Deputy Sheriff Jimmie Richard Henry

Deputy Sheriff Jimmie Richard Henry

Los Angeles County Sheriff's Department, California

End of Watch Friday, May 12, 1995

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Jimmie Richard Henry

Deputy Henry died of a disease contracted as the result of being exposed to burning jet fuel following a military plane crash on Santa Catalina Island. He and two other deputies were attempting to rescue the pilot. As a result of being exposed to the burning jet fuel, all three deputies developed pulmonary fibrosis which causes scar tissue to build up in the lungs.

Deputy Henry was forced to medically retire in 1984 as a result of developing the illness. He died 10 years later shortly after undergoing a lung transplant as a result of the illness.

Deputy Henry had served with the Los Angeles County Sheriff's Department for 18 years. He was survived by his wife and child.

Bio

  • Age 49
  • Tour 18 years
  • Badge Not available

Incident Details

  • Cause Duty related illness
  • Incident Date Tuesday, June 19, 1984

accident scene

Most Recent Reflection

View all 22 Reflections

It was my absolute pleasure to work with Jimmy Henry and call him my friend. The events that led to his passing could have been avoided had the proper information been given to me the night of the F-18 crash.
I was the Team Leader that night and the first to climb down to the F-18 Jet wreckage. Enroute to the crash site, I was on the radio with my desk having them contact the Navy and confirm if there was any armament, explosives, nuclear or other contaminants we needed to be concerned with. The Navy responded no.
It was night time, the mountain was on fire so we could not deploy any rescue lines. I initially climbed down to the crash site alone and found the pilot, still in his undeployed ejection seat, deceased. The Navy took several hours to respond to the site.
As daylight came, Sheriff's Aero Bureau dispatched one of our T51 Sikorski Helicopters to the crash site with ESD personnel. The Navy requested we extract the Pilot. I extracted the Pilot from the ejection seat and later found their were explosive devices that could have detonated! Jimmy Henry who was a trained Mountain Rescue Climber came down to help me with the Helicopter extraction of the Pilot. The Sikorski hoovered over our position and we were enveloped in a 140mph rotor wash, swirling dust and debris around us as we placed the Pilot in the basket. After lifting the Pilot, We were then joined by another ESD Deputy who was lowered to our position.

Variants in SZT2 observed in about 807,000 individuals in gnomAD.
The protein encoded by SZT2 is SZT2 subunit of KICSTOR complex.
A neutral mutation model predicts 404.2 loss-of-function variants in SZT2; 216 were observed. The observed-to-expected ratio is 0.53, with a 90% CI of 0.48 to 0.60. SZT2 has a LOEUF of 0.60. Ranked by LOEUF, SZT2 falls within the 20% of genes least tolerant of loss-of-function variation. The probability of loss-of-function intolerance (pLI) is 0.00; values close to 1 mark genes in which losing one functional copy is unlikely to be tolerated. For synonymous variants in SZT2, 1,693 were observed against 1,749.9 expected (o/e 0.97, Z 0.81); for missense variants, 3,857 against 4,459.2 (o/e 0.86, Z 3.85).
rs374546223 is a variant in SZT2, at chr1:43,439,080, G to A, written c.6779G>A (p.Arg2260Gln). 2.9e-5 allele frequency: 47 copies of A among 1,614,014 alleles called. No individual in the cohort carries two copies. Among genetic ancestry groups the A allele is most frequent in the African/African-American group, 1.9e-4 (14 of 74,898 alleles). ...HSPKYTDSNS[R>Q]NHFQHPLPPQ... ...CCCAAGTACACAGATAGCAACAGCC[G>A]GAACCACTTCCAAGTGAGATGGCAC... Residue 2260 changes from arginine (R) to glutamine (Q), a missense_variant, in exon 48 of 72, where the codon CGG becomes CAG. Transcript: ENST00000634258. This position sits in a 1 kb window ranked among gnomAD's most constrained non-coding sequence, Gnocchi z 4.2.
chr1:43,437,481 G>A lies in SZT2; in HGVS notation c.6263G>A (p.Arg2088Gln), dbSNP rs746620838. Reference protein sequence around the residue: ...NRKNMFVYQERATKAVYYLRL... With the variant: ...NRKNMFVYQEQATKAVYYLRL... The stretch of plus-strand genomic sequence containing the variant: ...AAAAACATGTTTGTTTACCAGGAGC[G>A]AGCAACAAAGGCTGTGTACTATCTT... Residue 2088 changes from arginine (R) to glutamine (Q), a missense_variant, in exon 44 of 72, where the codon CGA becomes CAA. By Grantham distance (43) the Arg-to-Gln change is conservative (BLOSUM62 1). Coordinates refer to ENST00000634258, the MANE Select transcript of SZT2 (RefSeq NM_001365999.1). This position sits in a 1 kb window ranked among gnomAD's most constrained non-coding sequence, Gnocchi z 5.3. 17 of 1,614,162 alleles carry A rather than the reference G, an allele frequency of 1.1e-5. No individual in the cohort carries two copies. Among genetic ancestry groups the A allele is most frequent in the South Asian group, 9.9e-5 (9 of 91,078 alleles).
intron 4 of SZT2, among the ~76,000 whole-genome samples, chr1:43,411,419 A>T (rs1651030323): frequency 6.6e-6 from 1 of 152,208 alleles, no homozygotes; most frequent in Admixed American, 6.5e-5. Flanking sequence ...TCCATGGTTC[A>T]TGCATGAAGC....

It was still a couple of hours later before we were joined by the Navy who flew in from Pt Magu Naval Base.
The Navy personnel arrived in hazmat suits with masks, came up to us [Jimmy, ESD Dep and myself] immediately gave us masks, told us to put them on and do not kick up any surrounding dirt!!!!
Turns out we were exposed to different types of materials from the wreckage that the Navy never disclosed due to national security. We all started experiencing different levels of symptoms from the crash. I was an Ultra Distance Runner and had run a 40 mile mountain the day before. The day after the crash I ran 1 1/2 miles and was winded and walked home. Jimmy had the worst symptoms ultimately requiring a Lung Transplant and later succumbing from the exposure.
Had we been properly advised of the elements of danger at the crash site, Jimmy and I never would have put ourselves in a position to be completely engulfed in rotor wash extracting the Pilot and Jimmy's life would have played out differently.

Sergeant Robert S. Murcott
LASD/ Los Angeles County Sheriff's Department

January 14, 2022

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